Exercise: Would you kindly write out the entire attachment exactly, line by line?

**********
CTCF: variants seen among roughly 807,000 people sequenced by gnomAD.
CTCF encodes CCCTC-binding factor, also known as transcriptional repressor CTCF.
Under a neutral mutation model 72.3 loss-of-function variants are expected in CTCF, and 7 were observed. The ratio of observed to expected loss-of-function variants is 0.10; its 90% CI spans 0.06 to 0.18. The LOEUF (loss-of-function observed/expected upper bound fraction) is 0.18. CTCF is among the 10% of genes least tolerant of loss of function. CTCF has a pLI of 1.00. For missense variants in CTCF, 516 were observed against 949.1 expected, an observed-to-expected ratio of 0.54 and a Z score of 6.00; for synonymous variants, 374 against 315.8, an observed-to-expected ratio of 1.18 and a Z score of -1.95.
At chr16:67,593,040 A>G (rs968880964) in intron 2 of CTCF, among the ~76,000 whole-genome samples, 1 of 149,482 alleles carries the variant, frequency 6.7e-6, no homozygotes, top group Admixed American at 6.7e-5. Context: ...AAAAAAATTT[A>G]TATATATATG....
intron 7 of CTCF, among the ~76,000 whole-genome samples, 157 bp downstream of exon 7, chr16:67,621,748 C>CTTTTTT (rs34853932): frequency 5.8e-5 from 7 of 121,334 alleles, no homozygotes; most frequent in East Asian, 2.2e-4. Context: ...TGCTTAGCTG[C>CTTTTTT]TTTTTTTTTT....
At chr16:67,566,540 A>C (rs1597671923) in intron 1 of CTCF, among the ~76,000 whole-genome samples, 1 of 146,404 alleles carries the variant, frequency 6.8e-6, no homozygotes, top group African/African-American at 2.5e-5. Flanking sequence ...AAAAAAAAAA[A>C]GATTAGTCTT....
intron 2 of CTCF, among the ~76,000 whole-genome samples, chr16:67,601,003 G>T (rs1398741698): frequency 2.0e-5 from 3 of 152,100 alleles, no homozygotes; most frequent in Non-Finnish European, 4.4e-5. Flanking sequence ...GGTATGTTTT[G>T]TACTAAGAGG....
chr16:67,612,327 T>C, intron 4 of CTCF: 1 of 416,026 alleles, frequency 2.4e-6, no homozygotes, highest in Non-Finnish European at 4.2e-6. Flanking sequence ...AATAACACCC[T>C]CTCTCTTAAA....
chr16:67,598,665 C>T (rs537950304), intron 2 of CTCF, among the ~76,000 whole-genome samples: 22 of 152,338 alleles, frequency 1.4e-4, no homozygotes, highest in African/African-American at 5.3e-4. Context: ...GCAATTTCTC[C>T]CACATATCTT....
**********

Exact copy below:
CTCF: variants seen among roughly 807,000 people sequenced by gnomAD.
CTCF encodes CCCTC-binding factor, also known as transcriptional repressor CTCF.
Under a neutral mutation model 72.3 loss-of-function variants are expected in CTCF, and 7 were observed. The ratio of observed to expected loss-of-function variants is 0.10; its 90% CI spans 0.06 to 0.18. The LOEUF (loss-of-function observed/expected upper bound fraction) is 0.18. CTCF is among the 10% of genes least tolerant of loss of function. CTCF has a pLI of 1.00. For missense variants in CTCF, 516 were observed against 949.1 expected, an observed-to-expected ratio of 0.54 and a Z score of 6.00; for synonymous variants, 374 against 315.8, an observed-to-expected ratio of 1.18 and a Z score of -1.95.
At chr16:67,593,040 A>G (rs968880964) in intron 2 of CTCF, among the ~76,000 whole-genome samples, 1 of 149,482 alleles carries the variant, frequency 6.7e-6, no homozygotes, top group Admixed American at 6.7e-5. Context: ...AAAAAAATTT[A>G]TATATATATG....
intron 7 of CTCF, among the ~76,000 whole-genome samples, 157 bp downstream of exon 7, chr16:67,621,748 C>CTTTTTT (rs34853932): frequency 5.8e-5 from 7 of 121,334 alleles, no homozygotes; most frequent in East Asian, 2.2e-4. Context: ...TGCTTAGCTG[C>CTTTTTT]TTTTTTTTTT....
At chr16:67,566,540 A>C (rs1597671923) in intron 1 of CTCF, among the ~76,000 whole-genome samples, 1 of 146,404 alleles carries the variant, frequency 6.8e-6, no homozygotes, top group African/African-American at 2.5e-5. Flanking sequence ...AAAAAAAAAA[A>C]GATTAGTCTT....
intron 2 of CTCF, among the ~76,000 whole-genome samples, chr16:67,601,003 G>T (rs1398741698): frequency 2.0e-5 from 3 of 152,100 alleles, no homozygotes; most frequent in Non-Finnish European, 4.4e-5. Flanking sequence ...GGTATGTTTT[G>T]TACTAAGAGG....
chr16:67,612,327 T>C, intron 4 of CTCF: 1 of 416,026 alleles, frequency 2.4e-6, no homozygotes, highest in Non-Finnish European at 4.2e-6. Flanking sequence ...AATAACACCC[T>C]CTCTCTTAAA....
chr16:67,598,665 C>T (rs537950304), intron 2 of CTCF, among the ~76,000 whole-genome samples: 22 of 152,338 alleles, frequency 1.4e-4, no homozygotes, highest in African/African-American at 5.3e-4. Context: ...GCAATTTCTC[C>T]CACATATCTT....